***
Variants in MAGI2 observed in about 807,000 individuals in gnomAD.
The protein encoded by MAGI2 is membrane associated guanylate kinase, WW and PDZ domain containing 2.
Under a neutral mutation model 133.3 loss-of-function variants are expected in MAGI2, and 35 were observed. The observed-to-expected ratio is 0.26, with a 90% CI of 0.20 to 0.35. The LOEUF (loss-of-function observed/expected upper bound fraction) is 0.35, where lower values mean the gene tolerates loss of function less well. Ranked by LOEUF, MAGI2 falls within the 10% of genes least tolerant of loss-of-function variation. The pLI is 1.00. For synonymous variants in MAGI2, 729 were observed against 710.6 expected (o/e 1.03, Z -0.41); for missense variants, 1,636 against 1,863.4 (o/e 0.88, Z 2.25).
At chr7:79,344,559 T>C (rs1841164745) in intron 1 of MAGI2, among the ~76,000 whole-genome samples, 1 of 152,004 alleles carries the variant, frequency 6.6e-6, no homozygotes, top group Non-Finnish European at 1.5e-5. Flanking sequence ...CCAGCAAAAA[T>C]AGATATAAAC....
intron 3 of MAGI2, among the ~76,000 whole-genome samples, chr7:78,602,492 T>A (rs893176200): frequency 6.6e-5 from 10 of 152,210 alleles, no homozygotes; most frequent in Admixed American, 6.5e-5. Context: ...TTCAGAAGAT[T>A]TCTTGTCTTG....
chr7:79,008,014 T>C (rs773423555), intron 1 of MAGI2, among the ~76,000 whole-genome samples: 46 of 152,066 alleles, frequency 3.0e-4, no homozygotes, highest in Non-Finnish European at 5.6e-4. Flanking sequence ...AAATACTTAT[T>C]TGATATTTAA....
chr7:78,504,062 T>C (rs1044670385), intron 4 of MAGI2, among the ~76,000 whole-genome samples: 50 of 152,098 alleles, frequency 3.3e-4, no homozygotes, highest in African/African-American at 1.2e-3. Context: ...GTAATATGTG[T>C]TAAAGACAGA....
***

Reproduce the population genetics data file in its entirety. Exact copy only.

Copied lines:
Variants in MAGI2 observed in about 807,000 individuals in gnomAD.
The protein encoded by MAGI2 is membrane associated guanylate kinase, WW and PDZ domain containing 2.
Under a neutral mutation model 133.3 loss-of-function variants are expected in MAGI2, and 35 were observed. The observed-to-expected ratio is 0.26, with a 90% CI of 0.20 to 0.35. The LOEUF (loss-of-function observed/expected upper bound fraction) is 0.35, where lower values mean the gene tolerates loss of function less well. Ranked by LOEUF, MAGI2 falls within the 10% of genes least tolerant of loss-of-function variation. The pLI is 1.00. For synonymous variants in MAGI2, 729 were observed against 710.6 expected (o/e 1.03, Z -0.41); for missense variants, 1,636 against 1,863.4 (o/e 0.88, Z 2.25).
At chr7:79,344,559 T>C (rs1841164745) in intron 1 of MAGI2, among the ~76,000 whole-genome samples, 1 of 152,004 alleles carries the variant, frequency 6.6e-6, no homozygotes, top group Non-Finnish European at 1.5e-5. Flanking sequence ...CCAGCAAAAA[T>C]AGATATAAAC....
intron 3 of MAGI2, among the ~76,000 whole-genome samples, chr7:78,602,492 T>A (rs893176200): frequency 6.6e-5 from 10 of 152,210 alleles, no homozygotes; most frequent in Admixed American, 6.5e-5. Context: ...TTCAGAAGAT[T>A]TCTTGTCTTG....
chr7:79,008,014 T>C (rs773423555), intron 1 of MAGI2, among the ~76,000 whole-genome samples: 46 of 152,066 alleles, frequency 3.0e-4, no homozygotes, highest in Non-Finnish European at 5.6e-4. Flanking sequence ...AAATACTTAT[T>C]TGATATTTAA....
chr7:78,504,062 T>C (rs1044670385), intron 4 of MAGI2, among the ~76,000 whole-genome samples: 50 of 152,098 alleles, frequency 3.3e-4, no homozygotes, highest in African/African-American at 1.2e-3. Context: ...GTAATATGTG[T>C]TAAAGACAGA....